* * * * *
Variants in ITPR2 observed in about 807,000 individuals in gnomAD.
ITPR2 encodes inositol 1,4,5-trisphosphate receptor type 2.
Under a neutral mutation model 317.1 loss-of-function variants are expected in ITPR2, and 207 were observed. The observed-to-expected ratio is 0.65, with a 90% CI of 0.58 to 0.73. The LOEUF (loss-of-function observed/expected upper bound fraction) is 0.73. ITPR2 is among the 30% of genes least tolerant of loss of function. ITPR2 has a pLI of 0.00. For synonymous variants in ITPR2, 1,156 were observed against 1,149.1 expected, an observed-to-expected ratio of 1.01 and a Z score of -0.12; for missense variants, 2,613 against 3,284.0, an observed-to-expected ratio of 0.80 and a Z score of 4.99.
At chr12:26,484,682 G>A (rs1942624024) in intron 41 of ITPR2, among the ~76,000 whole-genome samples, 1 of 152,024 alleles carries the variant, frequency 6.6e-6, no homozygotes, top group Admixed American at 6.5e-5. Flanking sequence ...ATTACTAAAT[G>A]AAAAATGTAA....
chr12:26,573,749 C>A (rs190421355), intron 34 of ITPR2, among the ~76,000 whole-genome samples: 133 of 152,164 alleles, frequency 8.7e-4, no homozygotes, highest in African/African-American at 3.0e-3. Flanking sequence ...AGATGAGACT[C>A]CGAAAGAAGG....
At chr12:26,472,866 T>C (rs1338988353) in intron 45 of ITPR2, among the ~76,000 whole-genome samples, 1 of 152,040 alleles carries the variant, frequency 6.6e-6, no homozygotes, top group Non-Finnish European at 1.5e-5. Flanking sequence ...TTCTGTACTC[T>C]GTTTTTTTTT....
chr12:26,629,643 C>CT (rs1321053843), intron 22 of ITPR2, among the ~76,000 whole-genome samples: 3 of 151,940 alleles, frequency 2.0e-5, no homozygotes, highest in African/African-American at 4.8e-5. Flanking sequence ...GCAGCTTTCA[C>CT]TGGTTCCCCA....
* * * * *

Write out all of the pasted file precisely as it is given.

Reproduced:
Variants in ITPR2 observed in about 807,000 individuals in gnomAD.
ITPR2 encodes inositol 1,4,5-trisphosphate receptor type 2.
Under a neutral mutation model 317.1 loss-of-function variants are expected in ITPR2, and 207 were observed. The observed-to-expected ratio is 0.65, with a 90% CI of 0.58 to 0.73. The LOEUF (loss-of-function observed/expected upper bound fraction) is 0.73. ITPR2 is among the 30% of genes least tolerant of loss of function. ITPR2 has a pLI of 0.00. For synonymous variants in ITPR2, 1,156 were observed against 1,149.1 expected, an observed-to-expected ratio of 1.01 and a Z score of -0.12; for missense variants, 2,613 against 3,284.0, an observed-to-expected ratio of 0.80 and a Z score of 4.99.
At chr12:26,484,682 G>A (rs1942624024) in intron 41 of ITPR2, among the ~76,000 whole-genome samples, 1 of 152,024 alleles carries the variant, frequency 6.6e-6, no homozygotes, top group Admixed American at 6.5e-5. Flanking sequence ...ATTACTAAAT[G>A]AAAAATGTAA....
chr12:26,573,749 C>A (rs190421355), intron 34 of ITPR2, among the ~76,000 whole-genome samples: 133 of 152,164 alleles, frequency 8.7e-4, no homozygotes, highest in African/African-American at 3.0e-3. Flanking sequence ...AGATGAGACT[C>A]CGAAAGAAGG....
At chr12:26,472,866 T>C (rs1338988353) in intron 45 of ITPR2, among the ~76,000 whole-genome samples, 1 of 152,040 alleles carries the variant, frequency 6.6e-6, no homozygotes, top group Non-Finnish European at 1.5e-5. Flanking sequence ...TTCTGTACTC[T>C]GTTTTTTTTT....
chr12:26,629,643 C>CT (rs1321053843), intron 22 of ITPR2, among the ~76,000 whole-genome samples: 3 of 151,940 alleles, frequency 2.0e-5, no homozygotes, highest in African/African-American at 4.8e-5. Flanking sequence ...GCAGCTTTCA[C>CT]TGGTTCCCCA....